“There is a Clock ringing deep inside a mountain. It is a huge Clock, hundreds of feet tall, designed to tick for 10,000 years. Every once in a while the bells of this buried Clock play a melody. Each time the chimes ring, it’s a melody the Clock has never played before. The Clock’s chimes have been programmed to not repeat themselves for 10,000 years. Most times the Clock rings when a visitor has wound it, but the Clock hoards energy from a different source and occasionally it will ring itself when no oneÂ is around to hear it. It’s anyone’s guess how many beautiful songs will never be heard over the Clock’s 10 millennial lifespan.”
I must photograph this clock. I hope there is time…
A great presentation from Austin Govella on user experience from our conference.
I am looking forward to the video because I couldn’t make this session. But reading through the slides alone is worth it. My favorite quote, because sometimes I think we are guilty of this, is:
One of the hottest memes in user experience landÂcontinues to be agile+ux and its emerging, youngerÂsibling, lean+ux.
You’re overworked and under-appreciated. It’sÂyour job toÂ make sure agile and lean don’t becomeÂsynonymsÂ for creating skimpy, malnourished experiences.
Instead of thinking agile and lean, think about howÂyou canÂ make the organization a healthyÂuser experience culture.
Â -Â Austin Govella’s presentation slides from SchipulConÂ slide 46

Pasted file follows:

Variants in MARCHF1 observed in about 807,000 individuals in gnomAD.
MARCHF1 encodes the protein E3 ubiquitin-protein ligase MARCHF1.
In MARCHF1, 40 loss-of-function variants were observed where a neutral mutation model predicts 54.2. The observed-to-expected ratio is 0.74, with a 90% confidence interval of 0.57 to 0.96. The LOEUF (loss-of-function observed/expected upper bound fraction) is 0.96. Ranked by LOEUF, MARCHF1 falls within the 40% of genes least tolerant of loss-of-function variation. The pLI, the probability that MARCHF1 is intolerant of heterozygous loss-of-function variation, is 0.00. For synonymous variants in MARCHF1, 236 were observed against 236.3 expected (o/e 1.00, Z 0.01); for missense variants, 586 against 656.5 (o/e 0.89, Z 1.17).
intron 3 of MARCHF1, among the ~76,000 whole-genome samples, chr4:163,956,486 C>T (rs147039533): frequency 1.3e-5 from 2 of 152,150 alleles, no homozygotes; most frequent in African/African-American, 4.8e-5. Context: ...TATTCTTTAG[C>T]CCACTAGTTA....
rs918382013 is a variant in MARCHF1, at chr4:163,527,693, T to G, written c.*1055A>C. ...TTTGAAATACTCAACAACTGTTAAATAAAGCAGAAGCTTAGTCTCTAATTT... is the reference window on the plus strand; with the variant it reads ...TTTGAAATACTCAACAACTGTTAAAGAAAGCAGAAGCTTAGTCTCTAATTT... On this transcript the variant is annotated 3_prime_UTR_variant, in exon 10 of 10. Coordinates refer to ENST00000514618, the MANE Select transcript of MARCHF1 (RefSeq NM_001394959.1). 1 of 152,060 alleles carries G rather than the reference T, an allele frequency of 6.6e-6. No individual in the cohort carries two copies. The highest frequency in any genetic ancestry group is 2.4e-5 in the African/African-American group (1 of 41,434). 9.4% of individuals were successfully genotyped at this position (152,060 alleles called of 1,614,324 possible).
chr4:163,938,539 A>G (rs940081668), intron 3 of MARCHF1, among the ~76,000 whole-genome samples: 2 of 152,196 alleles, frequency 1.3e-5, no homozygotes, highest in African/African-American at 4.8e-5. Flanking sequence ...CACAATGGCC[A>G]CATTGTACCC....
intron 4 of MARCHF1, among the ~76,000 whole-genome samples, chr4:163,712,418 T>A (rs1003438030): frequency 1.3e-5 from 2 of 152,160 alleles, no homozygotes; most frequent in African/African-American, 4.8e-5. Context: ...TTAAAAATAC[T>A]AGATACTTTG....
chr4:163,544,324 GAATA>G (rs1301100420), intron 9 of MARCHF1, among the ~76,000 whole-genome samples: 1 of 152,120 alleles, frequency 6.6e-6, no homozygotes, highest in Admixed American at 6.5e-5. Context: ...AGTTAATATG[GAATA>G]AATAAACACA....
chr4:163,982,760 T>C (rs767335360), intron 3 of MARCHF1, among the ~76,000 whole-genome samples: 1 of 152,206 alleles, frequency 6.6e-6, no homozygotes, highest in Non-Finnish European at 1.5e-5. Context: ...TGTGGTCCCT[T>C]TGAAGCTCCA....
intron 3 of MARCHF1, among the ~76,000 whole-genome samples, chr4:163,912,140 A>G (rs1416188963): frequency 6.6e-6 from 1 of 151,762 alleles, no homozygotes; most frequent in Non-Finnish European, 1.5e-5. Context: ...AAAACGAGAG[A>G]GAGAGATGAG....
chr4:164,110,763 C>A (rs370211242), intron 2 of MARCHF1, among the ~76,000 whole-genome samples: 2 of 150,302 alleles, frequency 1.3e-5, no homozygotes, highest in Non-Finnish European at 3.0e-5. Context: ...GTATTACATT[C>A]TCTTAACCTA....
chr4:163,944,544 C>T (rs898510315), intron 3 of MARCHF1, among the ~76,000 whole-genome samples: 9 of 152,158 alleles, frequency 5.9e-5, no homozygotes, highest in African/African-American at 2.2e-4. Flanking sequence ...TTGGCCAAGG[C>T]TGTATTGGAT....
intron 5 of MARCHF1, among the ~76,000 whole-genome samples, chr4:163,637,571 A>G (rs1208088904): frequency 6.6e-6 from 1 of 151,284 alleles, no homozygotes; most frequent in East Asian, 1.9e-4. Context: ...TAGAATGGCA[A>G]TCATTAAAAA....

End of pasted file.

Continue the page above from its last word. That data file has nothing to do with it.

“My life has always somehow been played out in a minor key, unresolved. Art somehow resolves things for me. Through art, you create your own world.“ – Daphne Guinness
To the social philosopher, the intersection of practice and talent poses a general question about agency: we are minded to believe that engagement is better than passivity. The pursuit of quality is also a matter of agency, the craftsman’s driving motive. But agency does not happen in a social or emotional vacuum, particularly good-quality work. The desire to do something well is a personal litmus test; inadequate personal performance hurts in a different way than inequalities of inherited social position or the externals of wealth: it is about you.
“”¦as agreeable an idea as “Creativity for its own sake” is, it’s not particularly sustainable, financially rewarding or emotionally satisfying over the long run.
Human beings are hardwired to embrace “Creativity With Purpose”- i.e.create stuff that actually has real value to ourselves and other people. Creativity is tied into our evolution as a species and our basic survival instinct. It’s there for a reason.“
“Great design is not reductionist,” (Mau) says. “A lot of current design seems to be about just getting everything down to a clean, perfect experience — which, at its worst, is stale, cold, and lifeless. I think good design should be complex and rich and even messy, like life. When you think about it, design is a philosophical statement. It’s a way for you to say to the world ‘This is who I am. This is what’s important in my life, what I value, what I believe.'” – Glimmer, Pg 248, 249
“Microsoft wonders why people get so upset when the Windows system crashes, and they try to point out that it crashes less than Apple. But try telling that to an Apple person, and they’ll vehemently deny it. And the reason why is that Apple has been able to create a halo of good experience around its products.“